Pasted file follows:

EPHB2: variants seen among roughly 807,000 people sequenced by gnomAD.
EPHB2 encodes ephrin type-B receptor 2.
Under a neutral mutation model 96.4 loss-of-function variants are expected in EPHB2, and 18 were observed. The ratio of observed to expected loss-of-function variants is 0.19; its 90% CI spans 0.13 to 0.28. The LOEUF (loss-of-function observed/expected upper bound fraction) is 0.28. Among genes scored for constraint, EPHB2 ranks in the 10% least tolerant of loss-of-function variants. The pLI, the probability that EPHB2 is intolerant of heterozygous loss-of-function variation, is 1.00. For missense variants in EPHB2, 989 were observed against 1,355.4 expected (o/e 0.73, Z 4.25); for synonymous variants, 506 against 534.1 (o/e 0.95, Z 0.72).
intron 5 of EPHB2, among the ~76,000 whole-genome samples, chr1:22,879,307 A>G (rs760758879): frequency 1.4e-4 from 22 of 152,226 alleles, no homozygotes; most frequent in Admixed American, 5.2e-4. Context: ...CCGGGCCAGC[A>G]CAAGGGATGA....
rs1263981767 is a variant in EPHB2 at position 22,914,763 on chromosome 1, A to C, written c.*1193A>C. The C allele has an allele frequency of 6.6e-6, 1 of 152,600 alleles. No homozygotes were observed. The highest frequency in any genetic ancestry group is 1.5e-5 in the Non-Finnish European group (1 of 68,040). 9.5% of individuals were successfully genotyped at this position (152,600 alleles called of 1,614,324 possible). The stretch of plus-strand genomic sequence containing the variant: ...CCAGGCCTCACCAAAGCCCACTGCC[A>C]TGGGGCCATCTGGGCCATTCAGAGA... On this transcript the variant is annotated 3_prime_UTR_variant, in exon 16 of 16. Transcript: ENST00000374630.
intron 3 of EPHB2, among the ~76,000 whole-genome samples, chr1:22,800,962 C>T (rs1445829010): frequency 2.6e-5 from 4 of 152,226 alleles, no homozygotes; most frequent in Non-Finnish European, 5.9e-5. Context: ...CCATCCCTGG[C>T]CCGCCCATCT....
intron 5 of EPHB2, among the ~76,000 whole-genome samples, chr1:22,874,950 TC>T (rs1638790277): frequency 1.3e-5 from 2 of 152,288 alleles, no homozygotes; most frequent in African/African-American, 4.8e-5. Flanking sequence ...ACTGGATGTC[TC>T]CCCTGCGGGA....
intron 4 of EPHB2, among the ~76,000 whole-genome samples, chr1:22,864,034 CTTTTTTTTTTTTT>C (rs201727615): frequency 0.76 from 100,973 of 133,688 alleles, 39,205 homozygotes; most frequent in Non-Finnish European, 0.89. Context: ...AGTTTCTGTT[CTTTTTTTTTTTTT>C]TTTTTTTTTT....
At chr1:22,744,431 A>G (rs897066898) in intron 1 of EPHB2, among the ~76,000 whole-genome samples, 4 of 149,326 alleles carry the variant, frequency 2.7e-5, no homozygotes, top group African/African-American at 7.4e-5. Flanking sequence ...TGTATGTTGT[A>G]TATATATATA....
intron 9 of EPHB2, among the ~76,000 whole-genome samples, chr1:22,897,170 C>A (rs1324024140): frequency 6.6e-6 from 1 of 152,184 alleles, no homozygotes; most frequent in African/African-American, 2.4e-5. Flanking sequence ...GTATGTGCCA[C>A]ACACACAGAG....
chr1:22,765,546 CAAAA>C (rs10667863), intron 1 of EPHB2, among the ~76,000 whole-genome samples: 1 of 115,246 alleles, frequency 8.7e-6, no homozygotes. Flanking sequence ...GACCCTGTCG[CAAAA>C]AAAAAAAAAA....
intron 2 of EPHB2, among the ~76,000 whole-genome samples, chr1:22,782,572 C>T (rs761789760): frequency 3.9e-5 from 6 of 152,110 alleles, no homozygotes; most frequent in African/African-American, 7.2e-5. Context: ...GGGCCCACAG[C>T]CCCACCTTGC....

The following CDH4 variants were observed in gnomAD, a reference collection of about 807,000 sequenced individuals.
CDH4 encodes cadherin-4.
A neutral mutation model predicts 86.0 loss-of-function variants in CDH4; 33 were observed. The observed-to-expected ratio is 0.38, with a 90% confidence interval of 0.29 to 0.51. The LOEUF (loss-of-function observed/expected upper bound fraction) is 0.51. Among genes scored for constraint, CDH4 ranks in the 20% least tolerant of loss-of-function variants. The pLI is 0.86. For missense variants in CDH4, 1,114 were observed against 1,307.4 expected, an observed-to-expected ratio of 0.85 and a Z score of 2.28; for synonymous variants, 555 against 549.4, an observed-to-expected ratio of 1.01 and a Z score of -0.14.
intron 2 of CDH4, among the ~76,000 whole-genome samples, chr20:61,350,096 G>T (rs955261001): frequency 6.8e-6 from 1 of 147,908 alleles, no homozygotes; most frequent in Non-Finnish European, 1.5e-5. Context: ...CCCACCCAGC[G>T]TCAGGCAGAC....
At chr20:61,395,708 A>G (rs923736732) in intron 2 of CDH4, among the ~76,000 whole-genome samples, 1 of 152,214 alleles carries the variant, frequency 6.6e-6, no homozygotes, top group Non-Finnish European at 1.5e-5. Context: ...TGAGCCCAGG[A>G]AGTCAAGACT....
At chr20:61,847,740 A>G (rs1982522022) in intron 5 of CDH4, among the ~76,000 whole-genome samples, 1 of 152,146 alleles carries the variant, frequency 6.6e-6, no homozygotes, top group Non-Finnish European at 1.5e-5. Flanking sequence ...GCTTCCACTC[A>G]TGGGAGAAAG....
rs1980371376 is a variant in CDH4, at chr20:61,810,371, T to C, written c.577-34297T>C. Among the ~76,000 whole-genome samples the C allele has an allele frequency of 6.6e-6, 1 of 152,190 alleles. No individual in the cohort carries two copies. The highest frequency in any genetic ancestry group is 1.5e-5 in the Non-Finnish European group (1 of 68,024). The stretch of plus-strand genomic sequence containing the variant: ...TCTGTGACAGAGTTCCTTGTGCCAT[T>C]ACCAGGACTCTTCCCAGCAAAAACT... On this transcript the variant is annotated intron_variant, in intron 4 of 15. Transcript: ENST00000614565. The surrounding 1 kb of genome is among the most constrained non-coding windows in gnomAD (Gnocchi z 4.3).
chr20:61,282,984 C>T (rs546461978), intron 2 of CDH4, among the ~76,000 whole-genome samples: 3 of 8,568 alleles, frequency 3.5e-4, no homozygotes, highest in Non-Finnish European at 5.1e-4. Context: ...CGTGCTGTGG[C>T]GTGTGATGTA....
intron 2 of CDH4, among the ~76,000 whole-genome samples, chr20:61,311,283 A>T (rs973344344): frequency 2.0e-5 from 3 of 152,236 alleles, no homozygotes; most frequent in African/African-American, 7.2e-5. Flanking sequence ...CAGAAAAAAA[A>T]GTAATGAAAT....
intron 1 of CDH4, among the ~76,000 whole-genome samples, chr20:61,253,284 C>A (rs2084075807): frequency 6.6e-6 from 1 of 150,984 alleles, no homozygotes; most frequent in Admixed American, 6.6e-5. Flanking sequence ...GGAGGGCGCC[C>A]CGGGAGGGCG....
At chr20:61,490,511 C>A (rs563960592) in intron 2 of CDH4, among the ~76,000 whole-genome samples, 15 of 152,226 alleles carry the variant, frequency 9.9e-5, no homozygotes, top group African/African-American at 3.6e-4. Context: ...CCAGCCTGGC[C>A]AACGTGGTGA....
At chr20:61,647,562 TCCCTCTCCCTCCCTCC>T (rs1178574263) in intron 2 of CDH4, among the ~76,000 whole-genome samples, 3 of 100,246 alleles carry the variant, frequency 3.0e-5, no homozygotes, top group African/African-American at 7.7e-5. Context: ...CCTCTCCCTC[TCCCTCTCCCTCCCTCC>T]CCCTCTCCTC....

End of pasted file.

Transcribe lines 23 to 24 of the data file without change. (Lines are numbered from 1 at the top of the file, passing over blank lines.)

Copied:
At chr20:61,490,511 C>A (rs563960592) in intron 2 of CDH4, among the ~76,000 whole-genome samples, 15 of 152,226 alleles carry the variant, frequency 9.9e-5, no homozygotes, top group African/African-American at 3.6e-4. Context: ...CCAGCCTGGC[C>A]AACGTGGTGA....
At chr20:61,647,562 TCCCTCTCCCTCCCTCC>T (rs1178574263) in intron 2 of CDH4, among the ~76,000 whole-genome samples, 3 of 100,246 alleles carry the variant, frequency 3.0e-5, no homozygotes, top group African/African-American at 7.7e-5. Context: ...CCTCTCCCTC[TCCCTCTCCCTCCCTCC>T]CCCTCTCCTC....